It is going to be a big week as B*Witched, Atomic Kitten, S Club 3, East 17 and Liberty X start their Australian tour. Liberty X first two singles Thinking It Over and Doin’ It launched them to fame, Thinking It Over went to number 5 and Doin’ It peaked at number 14. Their third single, Just a Little took the band straight to the top of the UK charts, next single Got to Have Your Love peaked at number two. A while back Hi Fi Way: The Pop Chronicles spoke to Jessica Taylor but now we had the chance to talk to Kelli Young about the come back and life on the road again.
Are you excited about this tour and getting back to Australia?
Yes! I can’t wait actually… It is kind of strange to imagine it here in London it is freezing cold, frosty on the ground and the Liberty X girls haven’t done a show for quite a while so it is weird imagining being in Australia, travelling around and doing shows every night. We are hoping to get a bit of party time in as well as working very hard obviously.
It must be a great feeling getting out there and playing shows with Liberty X again playing the songs that mean so much to so many people?
It really does and we only got out to Australia once at the height of it all. It is a lovely feeling and interesting that fifteen years after having a number one out there it is amazing thinking we’re coming back and playing again. I feel very privileged and it is something that we don’t take for granted.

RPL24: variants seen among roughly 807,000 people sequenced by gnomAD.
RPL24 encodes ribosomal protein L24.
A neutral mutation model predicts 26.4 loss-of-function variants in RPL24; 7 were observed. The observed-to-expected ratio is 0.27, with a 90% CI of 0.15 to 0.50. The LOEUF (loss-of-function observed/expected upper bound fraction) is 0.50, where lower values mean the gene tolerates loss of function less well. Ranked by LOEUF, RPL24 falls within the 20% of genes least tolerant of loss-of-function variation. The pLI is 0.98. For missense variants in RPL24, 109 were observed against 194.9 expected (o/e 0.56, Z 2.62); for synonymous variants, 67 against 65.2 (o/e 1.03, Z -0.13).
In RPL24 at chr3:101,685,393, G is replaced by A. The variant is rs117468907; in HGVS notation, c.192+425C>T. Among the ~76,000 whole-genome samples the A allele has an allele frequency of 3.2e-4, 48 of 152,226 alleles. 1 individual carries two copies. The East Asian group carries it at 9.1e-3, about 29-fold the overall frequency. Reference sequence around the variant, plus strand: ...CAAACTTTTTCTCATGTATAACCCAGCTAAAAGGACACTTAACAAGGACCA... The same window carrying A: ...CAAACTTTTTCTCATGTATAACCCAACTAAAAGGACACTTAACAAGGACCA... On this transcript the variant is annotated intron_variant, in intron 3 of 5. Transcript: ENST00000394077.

Are you fascinated by the idea that what essentially is old is new again?
I don’t think it is that hard to believe because there were so many good acts back then. Just because people grow up doesn’t mean they don’t listen to music. Music should transcend time shouldn’t it? The good stuff will always be relevant and sound fresh, I think that is what makes a hit record that whenever it would be released it would be a hit whether that’s the eighties, nineties, norties or now. I don’t think it is that hard to believe that the good stuff stands the test of time.
Was that a tough period when Liberty X came to an end and then The Big Reunion TV show came about?
I don’t think it was that tough when we decided to call it a day in 2007. It came to its natural end for us and we had been on the road for six years non-stop and we were really tired. I was eighteen when I started in the band and twenty six when it finished. I dedicated my youth to it and we all thought we needed to live a little bit and have some time off. We didn’t think it would be a permanent end but at that time it felt right.